Logorrhoea or logorrhea (Greek λογορροια, logorrhoia, “word-flux”) is defined as an “excessive flow of words” and, when used medically, refers to incoherent talkativeness that occurs in certain kinds of mental illness, such as mania. The spoken form of logorrhoea (in the non-medical sense) is a kind of verbosity that uses superfluous or fancy words to disguise a useless or simple message as useful or intellectual, and is commonly known as “verbal diarrhea.”So I told my partner and he's just coined a new word (in the title of this post). Take it, use it, spread it around, but link to this blog post when you do, ok?
Wednesday, November 29, 2006
Logorrhoea is my personal word of the day, found accidentally at Answers.com
Sunday, November 26, 2006
Ralph Kahn, author, describes the site as
"...a collection of one-page examples of how math and science topics taught in K-12 classes can be used in interesting settings, including everyday life. The examples are written primarily by scientists and engineers, and are available to teachers, students, and other interested parties via the PUMAS Web Site. Our goal is to capture, for the benefit of pre-college education, the flavor of the vast experience that working scientists have with interesting and practical uses of math and science."
"Our main purpose is to provide valuable solutions for students and young researchers; disseminate additional knowledge, skills and attitudes that are useful in their youth work; communicate within the academic community of scholars, professionals and students from all branches. We share information about scholarships, grants, conferences, study abroad opportunities, exchange and professional training programs and internships all over the world."
Lesson plan resources. A wiki site. Rob Lucas, author, explains:
"...my first year of teaching, I spent many late nights planning lessons for the following day. During those nights, a single thought gnawed at me: Thousands of other teachers across the country were doing just as I was, and thousands more had done so every year for decades. Yet there was no way for me to fully benefit from the experience of all those who had come before. I’ve created this website to change that....any registered user...can post lesson plans, links, handouts, PowerPoint presentations—virtually anything! And you don’t even have to know HTML. Editing a page is as easy as using a word processor. My vision is that over time, we can develop an extensive library of creative, finely-tuned, engaging, exciting lessons."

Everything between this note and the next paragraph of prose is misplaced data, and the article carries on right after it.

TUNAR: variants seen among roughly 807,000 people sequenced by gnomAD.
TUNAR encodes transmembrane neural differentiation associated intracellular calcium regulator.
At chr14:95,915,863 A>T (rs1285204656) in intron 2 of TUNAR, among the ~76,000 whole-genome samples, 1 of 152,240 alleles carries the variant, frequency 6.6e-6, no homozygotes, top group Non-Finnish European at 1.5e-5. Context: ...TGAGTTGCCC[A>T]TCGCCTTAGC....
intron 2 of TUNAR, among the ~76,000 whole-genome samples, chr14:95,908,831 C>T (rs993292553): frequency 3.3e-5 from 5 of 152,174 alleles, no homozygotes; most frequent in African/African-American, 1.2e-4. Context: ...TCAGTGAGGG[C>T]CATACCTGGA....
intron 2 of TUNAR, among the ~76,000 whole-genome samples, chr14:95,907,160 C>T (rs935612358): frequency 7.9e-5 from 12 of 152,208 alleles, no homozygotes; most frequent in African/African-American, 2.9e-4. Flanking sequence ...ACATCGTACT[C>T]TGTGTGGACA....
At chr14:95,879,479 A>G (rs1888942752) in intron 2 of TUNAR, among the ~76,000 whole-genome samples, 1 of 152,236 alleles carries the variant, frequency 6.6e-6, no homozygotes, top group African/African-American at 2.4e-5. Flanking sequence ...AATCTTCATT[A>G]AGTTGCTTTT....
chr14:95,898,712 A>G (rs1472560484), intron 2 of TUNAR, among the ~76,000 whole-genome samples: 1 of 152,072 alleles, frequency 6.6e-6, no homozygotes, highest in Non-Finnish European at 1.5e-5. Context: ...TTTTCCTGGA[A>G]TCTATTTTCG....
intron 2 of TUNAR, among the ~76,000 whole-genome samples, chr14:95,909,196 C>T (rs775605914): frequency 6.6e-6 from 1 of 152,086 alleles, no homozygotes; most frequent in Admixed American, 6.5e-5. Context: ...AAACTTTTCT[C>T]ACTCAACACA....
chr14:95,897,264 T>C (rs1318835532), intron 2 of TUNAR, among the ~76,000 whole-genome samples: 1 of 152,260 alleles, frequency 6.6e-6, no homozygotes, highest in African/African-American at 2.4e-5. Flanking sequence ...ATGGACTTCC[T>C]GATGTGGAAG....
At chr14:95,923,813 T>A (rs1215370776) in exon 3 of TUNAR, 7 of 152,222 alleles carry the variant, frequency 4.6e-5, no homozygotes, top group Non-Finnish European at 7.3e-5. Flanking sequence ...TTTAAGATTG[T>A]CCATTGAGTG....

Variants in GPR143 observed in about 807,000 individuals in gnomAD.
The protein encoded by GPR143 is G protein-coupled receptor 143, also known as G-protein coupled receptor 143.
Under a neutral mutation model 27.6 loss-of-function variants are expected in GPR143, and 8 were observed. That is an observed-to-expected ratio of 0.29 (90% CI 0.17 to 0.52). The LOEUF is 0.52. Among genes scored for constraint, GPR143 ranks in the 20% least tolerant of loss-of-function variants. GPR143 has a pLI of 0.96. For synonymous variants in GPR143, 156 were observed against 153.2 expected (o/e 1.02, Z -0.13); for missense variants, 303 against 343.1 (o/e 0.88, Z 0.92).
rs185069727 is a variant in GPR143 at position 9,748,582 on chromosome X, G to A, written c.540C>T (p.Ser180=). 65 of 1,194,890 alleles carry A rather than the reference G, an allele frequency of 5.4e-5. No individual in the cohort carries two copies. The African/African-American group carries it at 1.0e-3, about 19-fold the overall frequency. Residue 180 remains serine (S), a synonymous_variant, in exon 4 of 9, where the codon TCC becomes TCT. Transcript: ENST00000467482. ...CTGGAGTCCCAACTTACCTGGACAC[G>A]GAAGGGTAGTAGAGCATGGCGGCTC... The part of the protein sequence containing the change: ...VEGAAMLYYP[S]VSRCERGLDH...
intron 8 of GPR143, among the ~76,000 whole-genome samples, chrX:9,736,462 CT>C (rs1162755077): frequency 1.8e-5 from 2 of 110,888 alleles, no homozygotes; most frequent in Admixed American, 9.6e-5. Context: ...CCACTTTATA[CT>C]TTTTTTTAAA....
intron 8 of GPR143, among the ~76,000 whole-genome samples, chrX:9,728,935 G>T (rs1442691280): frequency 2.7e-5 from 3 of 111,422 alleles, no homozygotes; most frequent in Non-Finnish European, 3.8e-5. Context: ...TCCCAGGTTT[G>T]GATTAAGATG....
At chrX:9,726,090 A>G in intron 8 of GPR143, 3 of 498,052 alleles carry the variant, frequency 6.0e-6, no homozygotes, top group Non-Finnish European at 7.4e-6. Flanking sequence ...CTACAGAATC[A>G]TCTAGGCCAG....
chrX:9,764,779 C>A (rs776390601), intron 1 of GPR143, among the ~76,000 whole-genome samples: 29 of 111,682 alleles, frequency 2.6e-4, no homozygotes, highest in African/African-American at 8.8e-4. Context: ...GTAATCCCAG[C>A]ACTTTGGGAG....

Saturday, November 25, 2006
"This e-book, E-Learning Concepts and Techniques, is the result of a collaborative effort by students in the Bloomsburg University, Department of Instructional Design spring 2006 E-Learning Concepts and Techniques online class as well as several guest authors and contributors from around the world." Headings include: What is E-Learning? Instructional Design Models for E-Learning; E-Learning Tools; Instructional Strategies; Development; Delivering; Evaluation; Web Standards.
A colleague sent me this link and said, "I came across this great web site as I searched for short short stories that can be used in English classes. 2 great things about it: 1) it includes folktales from all over the world and 2) it is categorized by subject or topic or theme. Enjoy."
WikiBooks and WikiSource: Wikipedia's Free collections of textbooks. "Wikibooks went online on 10 July 2003, and there are 22,403 modules currently on the site." ..."Wikibooks differs from Wikisource because content on Wikibooks is expected to be significantly changed by participants. Raw source documents such as the original text of Shakespearian plays is hosted on Wikisource instead."..."Wikisource collects and stores in digital format previously published texts; including novels, non-fiction works, letters, speeches, constitutional and historical documents, laws and a range of other documents. All texts collected are free of copyright, either because this has expired or because the text has been released under a GNU Free Documentation License."
This site has a list of 145 (to date) links. Says the site author: "About a year ago, I put together a listing 30 or 40 free podcasts of lectures from Universities. When I started putting together another list, I was amazed at how many more lectures are available. The lectures in this list are all free and don't require any type of authentication--you don't have to be a student to download them. The links are to the rss feed of class lectures. If you copy the URL and in iTunes click on Advanced > Subscribe to Podcast it will automatically download the lectures and new ones as they become available."
Sunday, November 19, 2006
This article describes the latest offering from Skype, Skypecasting, and discusses its potential for education.